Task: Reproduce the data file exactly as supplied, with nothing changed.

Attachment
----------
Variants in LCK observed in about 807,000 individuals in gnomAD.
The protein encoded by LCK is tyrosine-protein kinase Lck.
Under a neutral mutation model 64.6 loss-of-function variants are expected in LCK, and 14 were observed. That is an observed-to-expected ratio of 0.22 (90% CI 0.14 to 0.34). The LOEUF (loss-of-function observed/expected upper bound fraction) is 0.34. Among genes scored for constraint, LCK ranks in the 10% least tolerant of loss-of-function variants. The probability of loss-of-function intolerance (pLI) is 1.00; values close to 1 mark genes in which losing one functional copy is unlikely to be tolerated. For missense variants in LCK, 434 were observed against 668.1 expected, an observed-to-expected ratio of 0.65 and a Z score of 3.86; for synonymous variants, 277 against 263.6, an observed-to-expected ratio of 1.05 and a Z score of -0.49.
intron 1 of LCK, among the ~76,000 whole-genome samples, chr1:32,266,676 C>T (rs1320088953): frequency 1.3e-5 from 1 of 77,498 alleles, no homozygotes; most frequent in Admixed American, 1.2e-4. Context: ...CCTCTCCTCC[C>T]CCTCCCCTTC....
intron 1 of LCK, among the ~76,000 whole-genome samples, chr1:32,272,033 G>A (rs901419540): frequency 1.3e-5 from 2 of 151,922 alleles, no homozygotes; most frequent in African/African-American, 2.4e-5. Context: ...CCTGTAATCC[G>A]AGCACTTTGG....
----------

Variants in LCK observed in about 807,000 individuals in gnomAD.
The protein encoded by LCK is tyrosine-protein kinase Lck.
Under a neutral mutation model 64.6 loss-of-function variants are expected in LCK, and 14 were observed. That is an observed-to-expected ratio of 0.22 (90% CI 0.14 to 0.34). The LOEUF (loss-of-function observed/expected upper bound fraction) is 0.34. Among genes scored for constraint, LCK ranks in the 10% least tolerant of loss-of-function variants. The probability of loss-of-function intolerance (pLI) is 1.00; values close to 1 mark genes in which losing one functional copy is unlikely to be tolerated. For missense variants in LCK, 434 were observed against 668.1 expected, an observed-to-expected ratio of 0.65 and a Z score of 3.86; for synonymous variants, 277 against 263.6, an observed-to-expected ratio of 1.05 and a Z score of -0.49.
intron 1 of LCK, among the ~76,000 whole-genome samples, chr1:32,266,676 C>T (rs1320088953): frequency 1.3e-5 from 1 of 77,498 alleles, no homozygotes; most frequent in Admixed American, 1.2e-4. Context: ...CCTCTCCTCC[C>T]CCTCCCCTTC....
intron 1 of LCK, among the ~76,000 whole-genome samples, chr1:32,272,033 G>A (rs901419540): frequency 1.3e-5 from 2 of 151,922 alleles, no homozygotes; most frequent in African/African-American, 2.4e-5. Context: ...CCTGTAATCC[G>A]AGCACTTTGG....